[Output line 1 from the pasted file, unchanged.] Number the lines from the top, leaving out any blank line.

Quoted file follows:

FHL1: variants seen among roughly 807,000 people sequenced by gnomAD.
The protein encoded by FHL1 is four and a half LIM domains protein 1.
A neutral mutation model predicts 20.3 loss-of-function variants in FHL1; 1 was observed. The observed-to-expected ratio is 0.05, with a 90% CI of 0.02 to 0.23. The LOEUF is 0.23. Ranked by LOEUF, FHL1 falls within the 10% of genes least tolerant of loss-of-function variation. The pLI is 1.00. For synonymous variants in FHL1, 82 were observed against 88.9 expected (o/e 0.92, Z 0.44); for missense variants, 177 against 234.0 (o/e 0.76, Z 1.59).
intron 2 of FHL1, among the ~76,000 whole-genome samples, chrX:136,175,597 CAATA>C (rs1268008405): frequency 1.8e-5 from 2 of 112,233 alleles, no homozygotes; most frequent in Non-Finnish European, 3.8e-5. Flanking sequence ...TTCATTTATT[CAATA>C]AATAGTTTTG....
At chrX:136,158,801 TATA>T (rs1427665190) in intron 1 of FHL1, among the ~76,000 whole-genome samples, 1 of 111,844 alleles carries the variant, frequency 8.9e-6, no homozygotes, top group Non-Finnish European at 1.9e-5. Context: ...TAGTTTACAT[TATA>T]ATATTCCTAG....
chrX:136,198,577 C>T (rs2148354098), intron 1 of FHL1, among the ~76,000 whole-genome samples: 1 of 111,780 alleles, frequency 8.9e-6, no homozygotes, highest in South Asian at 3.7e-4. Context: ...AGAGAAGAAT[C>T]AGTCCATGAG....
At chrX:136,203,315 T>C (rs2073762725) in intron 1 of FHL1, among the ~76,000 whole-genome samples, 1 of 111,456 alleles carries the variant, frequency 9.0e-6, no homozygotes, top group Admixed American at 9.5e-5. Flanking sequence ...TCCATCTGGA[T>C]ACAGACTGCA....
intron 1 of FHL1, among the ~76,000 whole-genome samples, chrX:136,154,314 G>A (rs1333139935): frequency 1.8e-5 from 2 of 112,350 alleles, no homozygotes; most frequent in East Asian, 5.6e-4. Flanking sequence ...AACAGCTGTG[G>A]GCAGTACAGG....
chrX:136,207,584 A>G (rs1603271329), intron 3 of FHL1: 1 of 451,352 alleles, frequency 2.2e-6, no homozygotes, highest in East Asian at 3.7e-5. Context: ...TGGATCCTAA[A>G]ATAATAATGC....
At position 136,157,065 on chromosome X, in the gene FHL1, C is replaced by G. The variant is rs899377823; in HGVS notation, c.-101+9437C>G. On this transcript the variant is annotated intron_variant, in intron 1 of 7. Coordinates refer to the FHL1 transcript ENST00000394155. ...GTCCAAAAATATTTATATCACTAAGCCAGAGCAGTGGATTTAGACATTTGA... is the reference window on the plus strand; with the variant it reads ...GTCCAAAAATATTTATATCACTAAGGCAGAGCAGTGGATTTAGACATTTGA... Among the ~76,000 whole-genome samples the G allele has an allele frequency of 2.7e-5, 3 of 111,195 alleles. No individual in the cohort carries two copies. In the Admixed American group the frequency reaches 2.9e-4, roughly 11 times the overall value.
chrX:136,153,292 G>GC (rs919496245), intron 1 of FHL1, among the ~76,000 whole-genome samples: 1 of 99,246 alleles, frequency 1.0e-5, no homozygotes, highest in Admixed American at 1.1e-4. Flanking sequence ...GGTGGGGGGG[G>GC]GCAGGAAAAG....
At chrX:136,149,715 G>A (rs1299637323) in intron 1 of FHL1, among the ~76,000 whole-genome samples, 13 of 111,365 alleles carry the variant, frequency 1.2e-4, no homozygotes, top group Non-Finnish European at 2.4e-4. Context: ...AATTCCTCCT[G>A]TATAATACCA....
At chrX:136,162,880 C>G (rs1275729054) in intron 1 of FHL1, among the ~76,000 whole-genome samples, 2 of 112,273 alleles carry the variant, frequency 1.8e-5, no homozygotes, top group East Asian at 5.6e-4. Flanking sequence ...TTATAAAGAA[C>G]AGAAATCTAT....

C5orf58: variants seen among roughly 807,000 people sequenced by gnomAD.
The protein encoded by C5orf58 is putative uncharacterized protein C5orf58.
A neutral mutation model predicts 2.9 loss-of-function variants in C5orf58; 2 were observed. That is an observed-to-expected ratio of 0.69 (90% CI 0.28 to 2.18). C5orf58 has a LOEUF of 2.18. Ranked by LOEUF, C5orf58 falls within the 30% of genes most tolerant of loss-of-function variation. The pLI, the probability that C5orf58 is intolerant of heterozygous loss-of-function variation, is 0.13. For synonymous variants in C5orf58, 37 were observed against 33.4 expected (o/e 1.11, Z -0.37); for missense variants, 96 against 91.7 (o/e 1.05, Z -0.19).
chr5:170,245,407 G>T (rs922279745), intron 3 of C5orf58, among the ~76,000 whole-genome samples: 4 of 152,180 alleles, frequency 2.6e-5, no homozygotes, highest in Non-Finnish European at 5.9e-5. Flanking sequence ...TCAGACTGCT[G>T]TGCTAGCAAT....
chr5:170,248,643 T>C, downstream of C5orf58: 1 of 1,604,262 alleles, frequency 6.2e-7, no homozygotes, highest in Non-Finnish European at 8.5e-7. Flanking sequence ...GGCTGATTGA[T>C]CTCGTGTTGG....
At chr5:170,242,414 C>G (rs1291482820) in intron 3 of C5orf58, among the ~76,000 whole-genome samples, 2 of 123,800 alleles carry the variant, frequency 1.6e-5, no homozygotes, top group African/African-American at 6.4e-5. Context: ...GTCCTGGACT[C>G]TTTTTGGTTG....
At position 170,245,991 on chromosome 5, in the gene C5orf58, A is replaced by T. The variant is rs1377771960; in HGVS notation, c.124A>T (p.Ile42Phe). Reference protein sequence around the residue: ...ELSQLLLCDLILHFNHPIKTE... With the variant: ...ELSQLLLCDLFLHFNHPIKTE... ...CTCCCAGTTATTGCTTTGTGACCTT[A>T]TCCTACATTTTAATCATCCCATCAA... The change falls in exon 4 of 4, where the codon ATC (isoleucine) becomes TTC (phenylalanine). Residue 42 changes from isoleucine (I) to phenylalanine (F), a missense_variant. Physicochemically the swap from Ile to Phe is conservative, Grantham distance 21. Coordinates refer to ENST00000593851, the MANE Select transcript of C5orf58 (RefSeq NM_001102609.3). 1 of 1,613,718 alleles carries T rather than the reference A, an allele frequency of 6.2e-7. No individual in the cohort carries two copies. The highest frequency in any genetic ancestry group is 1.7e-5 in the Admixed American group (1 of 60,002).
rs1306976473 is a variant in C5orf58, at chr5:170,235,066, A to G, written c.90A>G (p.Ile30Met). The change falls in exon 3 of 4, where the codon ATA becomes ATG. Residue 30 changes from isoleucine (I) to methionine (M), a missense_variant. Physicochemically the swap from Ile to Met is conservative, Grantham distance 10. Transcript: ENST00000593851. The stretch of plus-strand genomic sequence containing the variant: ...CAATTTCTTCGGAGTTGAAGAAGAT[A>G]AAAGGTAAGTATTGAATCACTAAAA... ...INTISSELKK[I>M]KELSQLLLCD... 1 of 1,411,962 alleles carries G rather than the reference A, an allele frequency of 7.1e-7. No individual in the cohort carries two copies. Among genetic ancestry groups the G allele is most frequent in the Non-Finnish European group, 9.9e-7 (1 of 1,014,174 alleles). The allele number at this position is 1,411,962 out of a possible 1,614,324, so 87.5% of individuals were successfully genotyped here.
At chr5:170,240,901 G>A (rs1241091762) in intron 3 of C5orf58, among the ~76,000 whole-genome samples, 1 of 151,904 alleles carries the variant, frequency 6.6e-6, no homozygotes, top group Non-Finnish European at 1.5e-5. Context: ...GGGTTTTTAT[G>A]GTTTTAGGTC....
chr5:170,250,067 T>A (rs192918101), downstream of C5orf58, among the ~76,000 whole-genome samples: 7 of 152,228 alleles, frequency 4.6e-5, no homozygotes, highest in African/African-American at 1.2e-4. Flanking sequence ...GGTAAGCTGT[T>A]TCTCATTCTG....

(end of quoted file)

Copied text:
FHL1: variants seen among roughly 807,000 people sequenced by gnomAD.